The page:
Wednesday, May 29, 2024
AnalysisMLBNational LeagueNL WestSan Francisco Giants

Tommy La Stella Is a Perfect Fit For Giants

Heading into the offseason, one clear goal of Giants president of baseball operations Farhan Zaidi was to add a left-handed bat to the lineup, particularly someone capable of playing an up-the-middle-position. It may have taken until the end of January, but he finally met that objective.

In fact, the three year, $19 million contract Zaidi gave infielder Tommy La Stella is the largest commitment he has made since taking over in San Francisco. On the surface, a three-year deal for a soon-to-be 32-year-old with a limited track record may not seem like a logical move for an executive that is generally extremely responsible/conservative when it comes to free agency. However, as the team looks to not only be competitive in 2021, but in the upcoming years following, La Stella is the perfect addition for them, and this contract should yield surplus value.

For the first five years of his career, La Stella served as a role player for the Braves and Cubs. After compiling 360 plate appearances as a rookie in Atlanta in 2014, he totaled just 587 plate appearances in the four seasons after that, and Chicago non-tendered him following the 2018 season. As it turn outs, that was the best thing that could have happened to him.

See, even in a limited role, La Stella always demonstrated to be ability to be an above-average offensive producer. Between 2016 and 2017, he averaged a 116 weighted-runs-created plus (wrc+), and although his year-to-year numbers were inconsistent, that’s the nature of serving as a pinch hitter, though he adjusted to that role quite well with a career 115 wrc+ as a pinch hitter.

Nevertheless, it’s safe to say La Stella was never going to get more plate appearances in Chicago, who, at the time, had an abundance of quality infielders. In hindsight, however, they probably wish they would have held onto him. After signing with the Angels, he received an everyday role, and immediately proved to be worthy of it. By virtue of a 125 wrc+, he earned an appearance in the All-Star game, although a knee injury cost him to miss the entire second half of the season. Still, in just 80 games, he was worth 2.0 fWAR, which is quite impressive.

Yet, even the Angels weren’t ready to buy into La Stella, as after signing Anthony Rendon, they didn’t have a clear spot for him. By now, however, you have hopefully learned that this is not new for the former 8th-round pick, and due to a multitude of reasons – Rendon missed the first few games of the seasons and shortstop Andrelton Simmons suffered an ankle injury – he found his way into that dreaded everyday role once again. He carried that same role over to the A’s, who acquired him at the trade deadline as the hoped to make a World Series push.

Overall, La Stella’s numbers were even better than they were in 2019. His 129 wrc+ was a career high, as was his .370 on-base percentage. With offensive numbers like that, he theoretically could have commanded more on the open market, but given his small track record, it was always likely that he wouldn’t be successful in doing so.

If La Stella proves his breakout is legitimate, then this contract is a bargain, but can we expect him to continue to produce at a high level? The various projections sites are quite mixed on him. Steamer projects him to post a 110 wrc+, while ZiPS believes he’ll only post a 100 wrc+. However, there are plenty of reason to believe he’ll overachieve those projections.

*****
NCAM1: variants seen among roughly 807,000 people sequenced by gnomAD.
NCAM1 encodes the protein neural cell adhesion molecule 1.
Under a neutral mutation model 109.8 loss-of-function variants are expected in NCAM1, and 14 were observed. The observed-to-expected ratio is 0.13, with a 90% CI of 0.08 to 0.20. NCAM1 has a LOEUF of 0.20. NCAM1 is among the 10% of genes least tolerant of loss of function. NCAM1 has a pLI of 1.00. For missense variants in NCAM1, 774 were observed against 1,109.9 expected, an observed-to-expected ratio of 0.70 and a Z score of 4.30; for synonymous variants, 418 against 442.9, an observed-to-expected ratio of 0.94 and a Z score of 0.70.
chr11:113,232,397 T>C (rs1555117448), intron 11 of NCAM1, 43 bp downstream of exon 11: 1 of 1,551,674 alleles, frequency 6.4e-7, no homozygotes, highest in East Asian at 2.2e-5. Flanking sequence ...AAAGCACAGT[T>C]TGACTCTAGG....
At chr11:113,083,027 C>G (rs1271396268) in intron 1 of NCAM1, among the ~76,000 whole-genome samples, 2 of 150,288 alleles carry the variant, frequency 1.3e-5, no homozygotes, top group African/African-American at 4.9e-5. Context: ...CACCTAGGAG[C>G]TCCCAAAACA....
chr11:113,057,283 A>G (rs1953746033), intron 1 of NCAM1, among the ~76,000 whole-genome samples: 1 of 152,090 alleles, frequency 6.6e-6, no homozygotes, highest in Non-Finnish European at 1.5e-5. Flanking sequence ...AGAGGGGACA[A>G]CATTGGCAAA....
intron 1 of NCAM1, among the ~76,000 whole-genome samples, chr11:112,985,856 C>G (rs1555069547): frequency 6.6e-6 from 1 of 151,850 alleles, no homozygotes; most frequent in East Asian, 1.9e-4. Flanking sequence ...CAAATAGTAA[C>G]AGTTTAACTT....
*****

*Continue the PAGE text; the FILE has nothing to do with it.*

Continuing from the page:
Plate discipline metrics are the most stable in terms of year-to-year correlation, and few players control the strike zone better than La Stella. Over the past two seasons, he has walked (47) more often he has struck out (40), while his chase rates (23.7%, 22.2%) and swinging strike rates (4.5%, 3.7%) have been off the charts. With an average exit velocity of 88 MPH, La Stella doesn’t hit the ball very hard, so making as much contact as possible is critical, and is why his expected stats have been comfortably above average. An increased amount of balls hit in the air, in addition to his selectivity, has also allowed him to maximize his power output.

Now, I’m skeptical about La Stella maintaining his increased power production. Per Baseball Savant, only two of his 22 home runs have classified as “no doubters”, and Angel Stadium played perfectly to his strengths. At Oracle Park, only eight of his home runs from 2019 would have still been home runs. At the same time, his offensive production stems from his on-base ability, and his ability to spray consistent contact, in addition to his plate discipline, should allow him to continue him to perform well in a ballpark with wide dimensions.

As mentioned, Zaidi wanted to add a left-handed-hitting infielder, and it makes sense as to why. Currently, the team’s starting second baseman is Donovan Solano, who a) benefitted from a lot of batted-ball luck and b) is best served in a platoon. Additionally, third baseman Evan Longoria also has clear platoon splits, so it won’t be difficult for La Stella to find at bats. He might not be elite defensively, but he can fill in at second base, third base, and first base, and clearly improves the team’s ability to hit right-handed pitching; something they struggled with last season.

Personally, a two-year contract for about $18 million seemed fair for La Stella, so the Giants should be getting proper value here. Expect the team to continue to shop for another outfielder (they’ve shown interest in Jackie Bradley Jr.), while they could use more pitching depth. This might not be a team ready to compete, but they’ll be able to score runs, and when that is the case, who knows what can happen! An expanded postseason and universal designated hitter could do wonders for this team, though, regardless, signings like this could turn out to be needle-movers when they aim to be even more competitive in 2022.